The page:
Fruit bats that are included in Pteropodidae family are considered as natural Ebola virus hosts. Introduction of Ebola virus into the human population occurs through close contact with the organs, blood and secretions. Virus can also be transmitted by bodily fluids of infected animals such as gorillas, chimpanzees, forest antelope , monkeys, porcupines. and fruit bats.

Virus spreads via direct close contact through broken skin, fluids of infected people, mucous membranes and materials or surfaces contaminated with these fluids e. g. clothing and bedding.

EVD spreads through close contact with infected patients when control precautions are not firmly practiced. It is transmitted by needles and syringes used to treat Ebola-infected patients.

Transmission of Ebola occurs via those burial ceremonies in which people have direct close contact with the body of the dead infected by EVD.

As long as blood and body fluids e. g semen and breast milk contain the ebola virus, people are considered infectious. Interestingly men can transmit the virus via their semen after recovering from illness

for up to seven weeks.


Symptoms of Ebola virus disease are nonspecific. After the incubation period of 2 to 21 days, signs of Ebola virus are:

  • abruptfever and fever fatigue
  • headache
  • joint pain
  • muscle aches and pain
  • sore throat
  • weakness

These symptoms are followed by :

. This is followed by

  • vomiting,
  • diarrhoea,
  • rash
  • symptoms of impaired kidney and liver function
  • both external and internal bleeding e. g. blood in the stools and oozing from the gums in some cases.
  • Hiccups
  • Stomach pain

It is important to mention that humans are not infectious until they develop specific symptoms for disease.


Distinguishing EVD from other infectious diseases for instance malaria, typhoid fever and meningitis is a difficult task. For identification of Ebola virus disease following strategies are used in order to confirm that symptoms are caused by Ebola virus.

  1. antibody-capture enzyme-linked immunosorbent assay (ELISA)
  2. antigen-capture detection tests
  3. serum neutralization test
  4. reverse transcriptase polymerase chain reaction (RT-PCR) assay
  5. electron microscopy virus isolation by cell culture.

ELISA and PCR are considered as efficient diagnostic tests for Ebola virus disease.


Still there is no standard treatment for Ebola virus disease and only supportive therapy is available. Supportive therapy includes treatment of specific symptoms and supportive care-rehydration with intravenous fluids or orally. A wide range of treatments including immune therapies, drug therapies and blood products, are recently being evaluated for treatment of Ebola virus disease. Two vaccines are undergoing human safety testing but still there is no licensed vaccine available for treatment.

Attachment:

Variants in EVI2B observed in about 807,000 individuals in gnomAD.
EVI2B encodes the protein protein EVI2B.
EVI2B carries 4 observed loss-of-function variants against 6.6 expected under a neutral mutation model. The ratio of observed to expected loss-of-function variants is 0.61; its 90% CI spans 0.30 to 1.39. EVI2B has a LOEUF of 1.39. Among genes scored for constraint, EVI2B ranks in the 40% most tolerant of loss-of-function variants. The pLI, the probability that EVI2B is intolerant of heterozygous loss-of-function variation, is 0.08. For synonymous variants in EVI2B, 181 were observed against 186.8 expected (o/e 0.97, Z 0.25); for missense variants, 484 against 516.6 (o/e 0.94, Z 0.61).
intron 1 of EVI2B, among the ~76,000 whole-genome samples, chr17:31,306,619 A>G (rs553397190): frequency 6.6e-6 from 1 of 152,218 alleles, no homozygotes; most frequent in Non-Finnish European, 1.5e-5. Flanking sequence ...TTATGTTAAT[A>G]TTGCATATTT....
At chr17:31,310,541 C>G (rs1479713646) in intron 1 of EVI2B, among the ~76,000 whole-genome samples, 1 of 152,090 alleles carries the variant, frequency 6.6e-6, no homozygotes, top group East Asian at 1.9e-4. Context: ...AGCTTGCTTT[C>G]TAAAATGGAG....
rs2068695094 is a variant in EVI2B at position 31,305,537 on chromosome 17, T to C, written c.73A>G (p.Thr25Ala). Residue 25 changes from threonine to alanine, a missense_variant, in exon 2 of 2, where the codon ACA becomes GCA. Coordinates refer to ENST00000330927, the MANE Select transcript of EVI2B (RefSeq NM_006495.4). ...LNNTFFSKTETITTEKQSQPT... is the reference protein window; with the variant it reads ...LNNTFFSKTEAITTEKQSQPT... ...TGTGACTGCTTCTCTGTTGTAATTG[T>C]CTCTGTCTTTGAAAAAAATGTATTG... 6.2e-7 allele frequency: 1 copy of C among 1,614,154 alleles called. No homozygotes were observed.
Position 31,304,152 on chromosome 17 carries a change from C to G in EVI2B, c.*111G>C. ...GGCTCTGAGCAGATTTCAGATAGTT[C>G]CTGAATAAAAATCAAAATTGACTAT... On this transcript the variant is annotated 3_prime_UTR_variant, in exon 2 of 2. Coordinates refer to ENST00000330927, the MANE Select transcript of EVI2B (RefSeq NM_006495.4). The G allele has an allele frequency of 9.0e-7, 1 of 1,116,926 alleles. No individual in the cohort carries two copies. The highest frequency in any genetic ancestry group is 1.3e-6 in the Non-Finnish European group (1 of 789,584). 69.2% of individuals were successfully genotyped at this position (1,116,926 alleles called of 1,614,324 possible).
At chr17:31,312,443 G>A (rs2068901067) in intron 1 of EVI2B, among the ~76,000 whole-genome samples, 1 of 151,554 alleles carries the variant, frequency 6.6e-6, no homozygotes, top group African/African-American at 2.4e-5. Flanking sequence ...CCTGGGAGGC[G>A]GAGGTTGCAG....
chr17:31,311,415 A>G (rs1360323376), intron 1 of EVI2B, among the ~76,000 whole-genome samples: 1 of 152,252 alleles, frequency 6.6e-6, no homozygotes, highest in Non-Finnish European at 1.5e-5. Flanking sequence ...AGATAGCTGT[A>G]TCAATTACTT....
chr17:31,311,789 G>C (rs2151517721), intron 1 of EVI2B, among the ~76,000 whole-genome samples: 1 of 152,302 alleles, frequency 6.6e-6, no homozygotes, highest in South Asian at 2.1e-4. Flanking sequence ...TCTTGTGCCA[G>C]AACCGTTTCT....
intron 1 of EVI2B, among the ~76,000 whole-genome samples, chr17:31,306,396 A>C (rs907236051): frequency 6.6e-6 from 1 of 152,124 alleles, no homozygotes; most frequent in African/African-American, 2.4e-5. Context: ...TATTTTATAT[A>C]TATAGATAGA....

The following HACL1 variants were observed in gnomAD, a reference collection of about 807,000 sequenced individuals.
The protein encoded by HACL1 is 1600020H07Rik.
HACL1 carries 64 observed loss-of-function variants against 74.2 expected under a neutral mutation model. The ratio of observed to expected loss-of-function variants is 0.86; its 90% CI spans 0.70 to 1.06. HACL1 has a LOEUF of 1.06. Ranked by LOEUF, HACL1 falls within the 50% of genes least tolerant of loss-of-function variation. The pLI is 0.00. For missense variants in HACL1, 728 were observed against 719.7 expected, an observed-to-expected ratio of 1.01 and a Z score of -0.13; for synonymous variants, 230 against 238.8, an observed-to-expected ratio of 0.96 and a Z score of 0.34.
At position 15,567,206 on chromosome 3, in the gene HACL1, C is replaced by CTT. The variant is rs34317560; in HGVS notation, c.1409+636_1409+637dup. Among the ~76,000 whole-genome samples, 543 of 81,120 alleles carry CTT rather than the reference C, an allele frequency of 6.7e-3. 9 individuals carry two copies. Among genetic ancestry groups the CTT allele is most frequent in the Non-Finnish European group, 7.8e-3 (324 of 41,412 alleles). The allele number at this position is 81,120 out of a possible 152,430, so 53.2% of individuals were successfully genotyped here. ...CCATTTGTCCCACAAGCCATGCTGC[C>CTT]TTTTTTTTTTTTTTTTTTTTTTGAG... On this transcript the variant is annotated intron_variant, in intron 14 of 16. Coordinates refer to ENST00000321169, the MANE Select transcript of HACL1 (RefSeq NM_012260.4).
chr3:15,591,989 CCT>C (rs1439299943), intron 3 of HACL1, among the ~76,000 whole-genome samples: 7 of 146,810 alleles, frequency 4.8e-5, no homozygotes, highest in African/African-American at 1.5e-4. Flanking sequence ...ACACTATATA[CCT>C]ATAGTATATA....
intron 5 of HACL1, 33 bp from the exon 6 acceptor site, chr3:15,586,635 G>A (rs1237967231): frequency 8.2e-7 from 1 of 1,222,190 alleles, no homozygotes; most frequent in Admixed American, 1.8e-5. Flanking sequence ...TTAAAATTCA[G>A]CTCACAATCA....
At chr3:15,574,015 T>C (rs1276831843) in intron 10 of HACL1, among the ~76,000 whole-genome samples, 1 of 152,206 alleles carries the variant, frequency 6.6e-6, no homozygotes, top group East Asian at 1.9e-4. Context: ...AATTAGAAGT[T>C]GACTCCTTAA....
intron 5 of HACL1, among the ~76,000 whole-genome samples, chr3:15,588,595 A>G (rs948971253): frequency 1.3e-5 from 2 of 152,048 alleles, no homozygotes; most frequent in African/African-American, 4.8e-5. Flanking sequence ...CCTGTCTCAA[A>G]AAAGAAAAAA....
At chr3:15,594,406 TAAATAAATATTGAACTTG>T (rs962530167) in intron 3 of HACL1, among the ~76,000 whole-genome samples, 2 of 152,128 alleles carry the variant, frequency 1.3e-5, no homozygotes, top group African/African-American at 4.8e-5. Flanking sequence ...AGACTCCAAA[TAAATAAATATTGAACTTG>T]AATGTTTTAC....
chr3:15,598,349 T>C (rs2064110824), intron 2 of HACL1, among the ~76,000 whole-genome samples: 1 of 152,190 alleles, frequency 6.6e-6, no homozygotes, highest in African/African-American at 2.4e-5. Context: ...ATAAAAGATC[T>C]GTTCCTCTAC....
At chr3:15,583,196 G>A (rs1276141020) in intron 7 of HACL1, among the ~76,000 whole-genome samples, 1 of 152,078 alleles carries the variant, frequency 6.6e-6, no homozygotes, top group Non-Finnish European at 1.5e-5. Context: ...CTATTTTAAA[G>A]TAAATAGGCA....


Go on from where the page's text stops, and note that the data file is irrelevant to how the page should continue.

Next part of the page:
Prevention and control

Prevention and control of Ebola virus disease is much difficult. One can prevent from disease by early testing and isolation of the infected patient. Moreover , barrier protection for caregivers for instance mask, gown, goggles, and gloves is necessary to prevent others from getting infected.

Outbreak of disease can be controlled by applying a package of interventions, e. g., safe burials , surveillance, , case management , social mobilisation., contact tracing and a good laboratory service.

Outbreak control of disease relies on raising awareness of risk factors and protective measures that individuals can take in order to reduce human transmission. Risk reduction must consider following factors:

  • Reducing the risk of wildlife-to-human transmission:

In order to control its outbreak, it is very necessary to avoid contact with infected monkeys or fruit bats and the consumption of their infected meat. Infected and uninfected animals must carefully be handled with gloves and significant protective clothing. Thorough cooking of animal’s meat is required to reduce risk of infection. Reducing the risk of human-to-human transmission:

One must avoid from direct or close contact with people suspected to be Ebola victims. Gloves and specific personal protective equipment must be used while looking after patients at hospitals or at home.

Outbreak containment measures:

It refers to safe burial of the dead, identification of people who may have been remained in contact with infected people, the significance of separating the healthy ones from the sick to prevent further spread and finally the importance of maintaining a neat and clean environment and good hygiene.